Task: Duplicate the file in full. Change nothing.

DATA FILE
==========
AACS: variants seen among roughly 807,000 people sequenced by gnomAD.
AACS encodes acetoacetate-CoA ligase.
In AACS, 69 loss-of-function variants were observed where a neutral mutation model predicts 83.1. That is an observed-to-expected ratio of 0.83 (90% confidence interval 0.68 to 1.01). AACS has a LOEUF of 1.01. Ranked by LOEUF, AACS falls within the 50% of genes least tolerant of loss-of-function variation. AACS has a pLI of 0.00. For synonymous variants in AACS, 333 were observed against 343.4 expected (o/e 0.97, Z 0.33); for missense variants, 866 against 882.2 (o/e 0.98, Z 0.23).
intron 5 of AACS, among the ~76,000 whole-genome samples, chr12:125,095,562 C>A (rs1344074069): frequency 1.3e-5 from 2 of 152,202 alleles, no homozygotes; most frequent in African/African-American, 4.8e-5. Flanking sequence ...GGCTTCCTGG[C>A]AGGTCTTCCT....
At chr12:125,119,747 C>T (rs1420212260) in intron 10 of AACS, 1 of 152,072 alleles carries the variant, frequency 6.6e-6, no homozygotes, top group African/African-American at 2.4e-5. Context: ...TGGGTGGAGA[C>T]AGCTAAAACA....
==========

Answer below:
AACS: variants seen among roughly 807,000 people sequenced by gnomAD.
AACS encodes acetoacetate-CoA ligase.
In AACS, 69 loss-of-function variants were observed where a neutral mutation model predicts 83.1. That is an observed-to-expected ratio of 0.83 (90% confidence interval 0.68 to 1.01). AACS has a LOEUF of 1.01. Ranked by LOEUF, AACS falls within the 50% of genes least tolerant of loss-of-function variation. AACS has a pLI of 0.00. For synonymous variants in AACS, 333 were observed against 343.4 expected (o/e 0.97, Z 0.33); for missense variants, 866 against 882.2 (o/e 0.98, Z 0.23).
intron 5 of AACS, among the ~76,000 whole-genome samples, chr12:125,095,562 C>A (rs1344074069): frequency 1.3e-5 from 2 of 152,202 alleles, no homozygotes; most frequent in African/African-American, 4.8e-5. Flanking sequence ...GGCTTCCTGG[C>A]AGGTCTTCCT....
At chr12:125,119,747 C>T (rs1420212260) in intron 10 of AACS, 1 of 152,072 alleles carries the variant, frequency 6.6e-6, no homozygotes, top group African/African-American at 2.4e-5. Context: ...TGGGTGGAGA[C>T]AGCTAAAACA....